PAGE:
I always see a wedding as a series of 8, 9 or even 10 photoshoots stitched together end on end. Each shoot is as important as the last – there is no room for a poor or mediocre one– all sessions must be treated as equal and all must be of the same high quality.
Therefore, although there is not a lot of time, if any, between sessions it is important to quickly reassess the last one– just to make sure that you have taken all of your planned shots – quickly run through in your head what you intend to take in the coming session and most importantly that your cameras are set up for the new session. You learn these lessons the hard way – I always remember shooting a Service on aperture priority – forgetting to change the camera setting when I came out into the bright sunlight and of course because I was using my flash to fill in shadowed faces my maximum sync speed was restricted to 250th second resulting in quite a few over exposed shots before, thank goodness, I realised.
So, regularly check your camera settings throughout the day – you’ll only make mistakes like the one above once but it is a hard way to learn the lesson.
Ok you’re at the church (or the location where the service is to take place) – if you have a second photographer working with you, he or she will have already taken a lot of the guests arriving and hopefully some of those lovely nervous images of the groom and best man as they await the arrival of the bride. This is also a good time to get some shots of the church. If you intend to prepare a photobook or album for your bride and groom these types of pictures can make great background images. Throughout the day I am constantly thinking about shooting images that will look good in the photobook.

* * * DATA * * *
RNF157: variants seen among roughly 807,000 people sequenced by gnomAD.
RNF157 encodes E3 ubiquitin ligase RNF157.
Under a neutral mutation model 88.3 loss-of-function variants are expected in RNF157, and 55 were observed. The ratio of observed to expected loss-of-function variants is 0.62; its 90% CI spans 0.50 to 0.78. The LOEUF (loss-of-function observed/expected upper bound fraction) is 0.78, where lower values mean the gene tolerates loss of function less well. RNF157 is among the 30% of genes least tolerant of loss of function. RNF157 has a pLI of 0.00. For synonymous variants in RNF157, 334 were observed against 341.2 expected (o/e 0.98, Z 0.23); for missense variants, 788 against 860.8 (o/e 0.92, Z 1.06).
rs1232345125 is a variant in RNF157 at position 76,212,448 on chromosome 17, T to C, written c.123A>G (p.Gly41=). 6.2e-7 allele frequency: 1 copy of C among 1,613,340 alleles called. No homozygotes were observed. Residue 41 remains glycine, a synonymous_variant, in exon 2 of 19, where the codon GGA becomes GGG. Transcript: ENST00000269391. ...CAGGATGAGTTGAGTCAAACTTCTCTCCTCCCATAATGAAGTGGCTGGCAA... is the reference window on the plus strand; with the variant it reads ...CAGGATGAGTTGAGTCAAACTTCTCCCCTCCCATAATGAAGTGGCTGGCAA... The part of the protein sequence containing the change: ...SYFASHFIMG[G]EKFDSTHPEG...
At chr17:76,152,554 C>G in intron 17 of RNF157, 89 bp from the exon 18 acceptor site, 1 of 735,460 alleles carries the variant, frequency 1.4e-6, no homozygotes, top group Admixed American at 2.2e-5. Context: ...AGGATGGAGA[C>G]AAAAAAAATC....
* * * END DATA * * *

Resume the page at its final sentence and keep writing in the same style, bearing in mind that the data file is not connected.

This is a difficult part of the day as I am constantly drawn into the church with the opportunity of taking some great images of the groom waiting for his bride but on the other hand I don’t want to miss the arrival of the bridesmaids and more importantly the bride. This is a judgement call and very much depends on time available and the distance you have to cover in order to do both.
There are many occasions on a wedding day when you know that some great images are likely to present themselves. The arrival of the bride is one of those moments. Everyone is nervous, lots of people are waiting to catch their first glimpse of the bride, the bridal party are all fussing around the bride – these are all the ingredients for good pictures- try to resist jumping in and organising things too quickly – let these things unfold for a while in front of your lens – more often than not you are rewarded with some great images.
However, some traditional shots are expected at this stage as well and you would be best advised to get these in the bag. Father and bride in the car, bride getting out of the car, father and bride by the car, bride and bridesmaids, and the whole bridal party forming in readiness for the procession up the aisle.
As soon as you have these images in the camera you have to get yourself quickly in position inside the church – leave the bride with her final preparations – your 2nd photographer can take any remaining images of their preparations.